18. Differences in medical error risk among nurses working two- and three-shift systems at teaching hospitals: a six-month prospective study.

    PubMed

    Tanaka, Katsutoshi; Takahashi, Masaya; Hiro, Hisanori; Kakinuma, Mitsuru; Tanaka, Mika; Kamata, Naoki; Miyaoka, Hitoshi

    2010-01-01

    Shift work, including night work, has been regarded as a risk factor for medical safety. However, few studies have investigated the difference in medical error risk between two- and three-shift systems. A total of 1,506 registered nurses working shifts at teaching hospitals participated in this study to evaluate the difference in medical error risk between two- and three-shift systems. After adjustment for potential confounding factors using a log Poisson generalized estimating equation model, the results showed significantly higher frequencies of perceived adverse events over 6 months in the three-shift than in the two-shift system, with estimated mean numbers of adverse events of 1.05 and 0.74, respectively. Shorter intervals after night shifts and greater frequency of night shifts in three-shift systems, which reduce the recovery time from night shift work, may be linked to increased medical errors by nurses.

  19. [Clinical and developmental aspects of care-related tetanus in the reference service of the teaching hospital of Abidjan].

    PubMed

    Aba, T; Kra, O; Ehui, E; Tanon, K A; Kacou, A R; Ouatara, B; Bissagnéné, E; Kadio, A

    2011-02-01

    A cross-sectional descriptive study was conducted from medical data of inpatients with tetanus in the Department of Infectious and Tropical Diseases of the University Hospital of Treichville in Abidjan from January 2003 to December 2007. In five years, 221 cases of tetanus have been hospitalized. The tetanus gateway was found in 188 patients (85%). Tetanus gateway linked to care was found in 22 patients (11.7%). Acts of care in question were intramuscular injections (10 cases) and operative procedures (12 cases). Concerning medical care by intramuscular injection, quinine (four cases), sulfadoxine-pyrimethamine (one case), and long-acting penicillin (one case) were the identified drugs. The operative procedures mainly involved were skin sutures (nine cases), cures of hernia (two cases), and flattening of Fournier's gangrene (one case). The average incubation period was 9.5 days. The invasion lasted for an average of 1.8 days. On admission, tetanus was immediately generalized for all patients with the presence of paroxysms in 20 patients (90.9%). The lethality of tetanus related care was 54.5%. The death rate in the first 48 hours of hospitalization was estimated at 83.3%. The average length of hospital stay was 14.6 days. Health workers should be involved in the prevention of tetanus in improving the quality of care and especially in reducing intramuscular injections. Also, any patient not immunized against tetanus should receive anti-tetanus serum and an update of its tetanus vaccine before any invasive procedures.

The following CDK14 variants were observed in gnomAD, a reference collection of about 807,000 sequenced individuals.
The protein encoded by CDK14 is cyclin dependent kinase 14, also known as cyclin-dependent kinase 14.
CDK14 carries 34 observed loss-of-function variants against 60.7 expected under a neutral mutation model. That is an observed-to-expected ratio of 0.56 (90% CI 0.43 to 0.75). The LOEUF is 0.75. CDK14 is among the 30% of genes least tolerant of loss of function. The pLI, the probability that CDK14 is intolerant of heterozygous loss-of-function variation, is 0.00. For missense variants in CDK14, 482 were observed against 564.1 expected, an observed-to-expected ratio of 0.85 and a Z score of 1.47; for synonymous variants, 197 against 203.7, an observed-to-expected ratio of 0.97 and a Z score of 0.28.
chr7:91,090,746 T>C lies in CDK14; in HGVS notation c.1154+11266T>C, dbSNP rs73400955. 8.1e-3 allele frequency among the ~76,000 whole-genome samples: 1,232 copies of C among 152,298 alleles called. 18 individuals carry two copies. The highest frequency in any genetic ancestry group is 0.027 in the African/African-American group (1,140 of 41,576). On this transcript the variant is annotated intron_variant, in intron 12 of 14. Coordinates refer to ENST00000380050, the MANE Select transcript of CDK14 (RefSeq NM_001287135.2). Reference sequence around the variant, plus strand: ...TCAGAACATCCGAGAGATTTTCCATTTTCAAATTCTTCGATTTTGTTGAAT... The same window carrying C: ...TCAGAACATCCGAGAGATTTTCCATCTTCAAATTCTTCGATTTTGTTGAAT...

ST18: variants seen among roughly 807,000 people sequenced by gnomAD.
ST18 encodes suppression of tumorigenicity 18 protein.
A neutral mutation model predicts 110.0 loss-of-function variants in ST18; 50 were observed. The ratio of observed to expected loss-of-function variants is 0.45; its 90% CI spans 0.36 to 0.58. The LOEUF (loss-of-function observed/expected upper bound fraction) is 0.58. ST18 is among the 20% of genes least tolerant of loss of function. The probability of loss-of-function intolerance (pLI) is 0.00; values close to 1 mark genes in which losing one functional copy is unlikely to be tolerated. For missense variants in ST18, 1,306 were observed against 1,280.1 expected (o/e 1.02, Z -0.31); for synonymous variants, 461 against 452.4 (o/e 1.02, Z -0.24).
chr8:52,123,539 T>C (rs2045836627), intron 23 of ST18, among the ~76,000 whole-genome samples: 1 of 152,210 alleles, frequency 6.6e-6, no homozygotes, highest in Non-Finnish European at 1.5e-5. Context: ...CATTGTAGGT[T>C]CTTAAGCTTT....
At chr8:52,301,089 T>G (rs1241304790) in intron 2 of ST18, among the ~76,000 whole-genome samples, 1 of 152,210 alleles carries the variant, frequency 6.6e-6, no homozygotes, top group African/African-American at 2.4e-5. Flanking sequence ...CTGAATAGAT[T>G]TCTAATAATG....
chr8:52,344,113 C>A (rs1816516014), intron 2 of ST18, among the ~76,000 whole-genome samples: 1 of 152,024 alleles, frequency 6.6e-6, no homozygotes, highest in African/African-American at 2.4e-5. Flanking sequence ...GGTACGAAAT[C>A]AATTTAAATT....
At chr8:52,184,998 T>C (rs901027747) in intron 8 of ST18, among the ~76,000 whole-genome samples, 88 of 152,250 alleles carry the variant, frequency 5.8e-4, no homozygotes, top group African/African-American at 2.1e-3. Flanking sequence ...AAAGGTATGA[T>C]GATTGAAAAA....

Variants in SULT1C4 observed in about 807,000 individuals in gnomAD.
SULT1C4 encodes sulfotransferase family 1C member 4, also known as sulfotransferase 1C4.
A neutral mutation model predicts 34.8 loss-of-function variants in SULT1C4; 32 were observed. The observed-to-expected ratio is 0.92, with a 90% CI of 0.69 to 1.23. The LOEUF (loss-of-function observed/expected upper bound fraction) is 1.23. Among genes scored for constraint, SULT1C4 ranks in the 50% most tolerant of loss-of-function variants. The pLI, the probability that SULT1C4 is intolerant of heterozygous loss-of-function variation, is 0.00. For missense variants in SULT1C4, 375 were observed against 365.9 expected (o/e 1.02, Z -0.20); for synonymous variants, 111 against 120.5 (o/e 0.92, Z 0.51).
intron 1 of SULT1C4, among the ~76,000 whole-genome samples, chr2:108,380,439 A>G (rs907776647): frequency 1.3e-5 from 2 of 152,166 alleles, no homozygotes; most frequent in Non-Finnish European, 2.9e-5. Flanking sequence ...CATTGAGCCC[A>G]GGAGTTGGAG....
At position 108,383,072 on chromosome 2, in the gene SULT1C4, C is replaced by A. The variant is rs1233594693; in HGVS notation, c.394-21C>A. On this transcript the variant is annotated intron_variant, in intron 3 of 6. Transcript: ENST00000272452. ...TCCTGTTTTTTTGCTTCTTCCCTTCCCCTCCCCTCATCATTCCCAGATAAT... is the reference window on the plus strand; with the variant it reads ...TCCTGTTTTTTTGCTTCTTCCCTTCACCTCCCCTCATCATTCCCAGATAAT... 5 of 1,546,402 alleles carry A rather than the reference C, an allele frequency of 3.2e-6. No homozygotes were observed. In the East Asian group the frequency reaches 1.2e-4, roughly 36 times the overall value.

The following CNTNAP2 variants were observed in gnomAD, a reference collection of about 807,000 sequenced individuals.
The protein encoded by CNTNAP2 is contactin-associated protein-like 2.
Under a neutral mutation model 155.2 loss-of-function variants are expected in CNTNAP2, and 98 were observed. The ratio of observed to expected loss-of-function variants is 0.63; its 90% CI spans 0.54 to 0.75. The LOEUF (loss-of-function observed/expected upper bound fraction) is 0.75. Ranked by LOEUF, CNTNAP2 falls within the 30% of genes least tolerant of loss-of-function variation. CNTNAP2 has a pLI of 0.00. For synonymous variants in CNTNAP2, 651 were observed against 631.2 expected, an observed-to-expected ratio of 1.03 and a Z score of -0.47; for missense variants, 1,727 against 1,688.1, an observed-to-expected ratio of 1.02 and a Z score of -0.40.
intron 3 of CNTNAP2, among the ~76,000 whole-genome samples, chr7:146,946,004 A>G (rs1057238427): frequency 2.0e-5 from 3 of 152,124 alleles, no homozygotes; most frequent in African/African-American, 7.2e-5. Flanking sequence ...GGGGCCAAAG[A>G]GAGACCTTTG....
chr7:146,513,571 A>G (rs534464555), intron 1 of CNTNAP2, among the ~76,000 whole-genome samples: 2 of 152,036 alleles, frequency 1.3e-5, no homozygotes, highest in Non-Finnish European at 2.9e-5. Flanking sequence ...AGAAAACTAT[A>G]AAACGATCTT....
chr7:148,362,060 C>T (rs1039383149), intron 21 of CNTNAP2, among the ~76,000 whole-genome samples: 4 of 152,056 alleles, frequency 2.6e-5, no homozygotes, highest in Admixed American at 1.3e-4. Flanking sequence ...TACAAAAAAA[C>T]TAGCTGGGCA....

20. Clonal transmission of a rare methicillin-resistant Staphylococcus aureus genotype between horses and staff at a veterinary teaching hospital.

    PubMed

    Schwaber, Mitchell J; Navon-Venezia, Shiri; Masarwa, Samira; Tirosh-Levy, Sharon; Adler, Amos; Chmelnitsky, Inna; Carmeli, Yehuda; Klement, Eyal; Steinman, Amir

    2013-03-23

    Methicillin-resistant Staphylococcus aureus (MRSA) infection or colonization has become a serious emerging condition in equine hospitals. Following the detection of MRSA in asymptomatic hospitalized horses and in two horses with post-operative wound infections, an investigation was conducted. Twelve of 84 horses (14.3%) and 16 of 139 personnel (11.5%) were MRSA carriers. The profile of the dominant MRSA strain common to horses and staff was multi-drug-resistant, spa-type t535, SCCmec type V, pvl-negative. MLST of a representative isolate yielded sequence type (ST) 5. The risk of MRSA carriage among veterinary personnel was greater in equine veterinarians and full-time technicians in comparison to part-time technicians and to other personnel not working with horses. Strict infection control measures were implemented, horses infected or colonized with MRSA were isolated and decolonization of personnel was attempted. Six months after the intervention, the large animal department personnel and hospitalized horses were all MRSA-negative and the decolonization was considered successful. This outbreak, caused by a rare MRSA strain and involving both hospitalized horses and personnel, further demonstrates the ability of MRSA to spread between animals and humans and emphasizes the importance of infection control measures to decrease the risk for MRSA colonization and infection of both horses and personnel. PMID:23265243